Generations, Computers - Research Article from Macmillan Science Library: Computer Sciences

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Generations, Computers

Early modern computers are typically grouped into four "generations." Each generation is marked by improvements in basic technology. These improvements in technology have been extraordinary and each advance has resulted in computers of lower cost, higher speed, greater memory capacity, and smaller size.

This grouping into generations is not clear-cut nor is it without debate. Many of the inventions and discoveries that contributed to the modern computer era do not neatly fit into these strict categories. The reader should not interpret these dates as strict historical boundaries.

First Generation (1945–1959)

The vacuum tube was invented in 1906 by an electrical engineer named Lee De Forest (1873–1961). During the first half of the twentieth century, it was the fundamental technology that was used to construct radios, televisions, radar, X-ray machines, and a wide variety of other electronic devices. It is also the primary technology associated with...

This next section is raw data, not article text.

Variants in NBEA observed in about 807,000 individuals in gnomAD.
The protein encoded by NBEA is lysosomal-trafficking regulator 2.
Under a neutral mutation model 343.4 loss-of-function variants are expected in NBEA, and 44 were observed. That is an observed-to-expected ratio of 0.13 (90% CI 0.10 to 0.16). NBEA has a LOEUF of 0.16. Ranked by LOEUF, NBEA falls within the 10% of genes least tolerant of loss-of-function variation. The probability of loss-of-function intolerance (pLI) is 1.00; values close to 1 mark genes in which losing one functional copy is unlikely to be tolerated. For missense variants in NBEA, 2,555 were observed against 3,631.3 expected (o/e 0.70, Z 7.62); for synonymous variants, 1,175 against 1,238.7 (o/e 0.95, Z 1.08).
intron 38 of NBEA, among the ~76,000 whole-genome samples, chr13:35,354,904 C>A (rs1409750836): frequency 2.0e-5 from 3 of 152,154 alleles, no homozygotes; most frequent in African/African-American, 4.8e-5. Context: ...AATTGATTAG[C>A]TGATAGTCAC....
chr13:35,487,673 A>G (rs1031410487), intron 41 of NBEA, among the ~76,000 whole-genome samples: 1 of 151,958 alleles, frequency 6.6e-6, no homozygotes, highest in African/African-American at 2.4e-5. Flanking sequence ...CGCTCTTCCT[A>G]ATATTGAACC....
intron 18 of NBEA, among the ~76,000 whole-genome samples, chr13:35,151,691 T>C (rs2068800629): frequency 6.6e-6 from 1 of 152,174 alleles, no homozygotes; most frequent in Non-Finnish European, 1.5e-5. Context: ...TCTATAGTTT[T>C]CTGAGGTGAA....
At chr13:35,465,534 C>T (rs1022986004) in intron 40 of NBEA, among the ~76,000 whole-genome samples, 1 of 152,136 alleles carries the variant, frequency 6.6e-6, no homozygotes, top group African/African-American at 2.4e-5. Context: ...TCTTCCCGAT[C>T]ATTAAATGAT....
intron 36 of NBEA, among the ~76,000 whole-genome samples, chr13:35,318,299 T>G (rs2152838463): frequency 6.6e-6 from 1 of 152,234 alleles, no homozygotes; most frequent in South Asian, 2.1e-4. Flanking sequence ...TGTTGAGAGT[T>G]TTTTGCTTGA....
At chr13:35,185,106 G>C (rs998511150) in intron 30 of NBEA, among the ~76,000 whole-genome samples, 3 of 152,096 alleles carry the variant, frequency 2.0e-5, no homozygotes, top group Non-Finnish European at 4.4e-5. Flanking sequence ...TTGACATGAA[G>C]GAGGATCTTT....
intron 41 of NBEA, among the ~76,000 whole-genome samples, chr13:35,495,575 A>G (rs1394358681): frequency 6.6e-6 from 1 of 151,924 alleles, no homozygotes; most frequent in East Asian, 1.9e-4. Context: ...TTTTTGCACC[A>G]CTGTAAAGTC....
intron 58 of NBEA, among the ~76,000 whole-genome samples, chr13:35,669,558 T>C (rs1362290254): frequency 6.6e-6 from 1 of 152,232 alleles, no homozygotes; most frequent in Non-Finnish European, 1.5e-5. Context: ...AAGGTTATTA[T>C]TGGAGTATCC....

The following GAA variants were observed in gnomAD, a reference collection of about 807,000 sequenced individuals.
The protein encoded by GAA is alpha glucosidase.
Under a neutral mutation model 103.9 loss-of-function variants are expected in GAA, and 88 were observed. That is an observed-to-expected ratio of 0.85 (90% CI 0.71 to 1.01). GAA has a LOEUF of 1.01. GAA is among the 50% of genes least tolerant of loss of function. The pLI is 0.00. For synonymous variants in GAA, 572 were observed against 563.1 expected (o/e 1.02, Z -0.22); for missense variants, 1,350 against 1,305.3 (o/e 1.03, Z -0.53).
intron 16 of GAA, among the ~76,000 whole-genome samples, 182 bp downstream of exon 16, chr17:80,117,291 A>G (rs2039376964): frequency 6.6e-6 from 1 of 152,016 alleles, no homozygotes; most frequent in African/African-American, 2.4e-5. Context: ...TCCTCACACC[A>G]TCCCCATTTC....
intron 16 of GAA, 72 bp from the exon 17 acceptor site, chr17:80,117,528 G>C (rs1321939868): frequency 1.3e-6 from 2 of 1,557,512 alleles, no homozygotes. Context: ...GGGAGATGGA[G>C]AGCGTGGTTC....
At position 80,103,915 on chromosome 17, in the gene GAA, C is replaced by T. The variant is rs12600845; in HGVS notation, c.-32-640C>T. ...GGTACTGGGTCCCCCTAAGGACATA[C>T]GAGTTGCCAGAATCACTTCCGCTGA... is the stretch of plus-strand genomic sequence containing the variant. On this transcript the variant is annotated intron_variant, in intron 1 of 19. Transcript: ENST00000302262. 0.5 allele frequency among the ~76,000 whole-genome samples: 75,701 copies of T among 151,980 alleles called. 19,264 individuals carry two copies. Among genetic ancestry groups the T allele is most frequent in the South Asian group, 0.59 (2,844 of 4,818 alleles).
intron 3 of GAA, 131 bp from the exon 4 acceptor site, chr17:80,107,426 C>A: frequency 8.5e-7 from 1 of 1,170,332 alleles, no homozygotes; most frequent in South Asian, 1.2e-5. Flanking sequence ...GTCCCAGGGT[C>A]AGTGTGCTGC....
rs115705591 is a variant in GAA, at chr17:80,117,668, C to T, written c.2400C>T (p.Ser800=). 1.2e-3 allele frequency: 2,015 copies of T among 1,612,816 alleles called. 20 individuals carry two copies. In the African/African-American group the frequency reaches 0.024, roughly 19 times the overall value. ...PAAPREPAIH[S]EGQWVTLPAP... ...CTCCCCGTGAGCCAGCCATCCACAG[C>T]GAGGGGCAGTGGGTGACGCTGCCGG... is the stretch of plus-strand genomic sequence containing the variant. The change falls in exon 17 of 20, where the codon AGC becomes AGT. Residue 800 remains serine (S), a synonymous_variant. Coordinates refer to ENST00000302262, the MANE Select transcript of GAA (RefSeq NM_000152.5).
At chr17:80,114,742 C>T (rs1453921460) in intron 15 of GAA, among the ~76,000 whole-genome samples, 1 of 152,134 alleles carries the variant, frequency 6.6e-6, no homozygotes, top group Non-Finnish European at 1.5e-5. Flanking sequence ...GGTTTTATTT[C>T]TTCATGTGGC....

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This section contains 1,623 words
(approx. 6 pages at 300 words per page)
Buy the Generations, Computers Encyclopedia Article
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Generations, Computers from Macmillan. Copyright © 2001-2006 by Macmillan Reference USA, an imprint of the Gale Group. All rights reserved.
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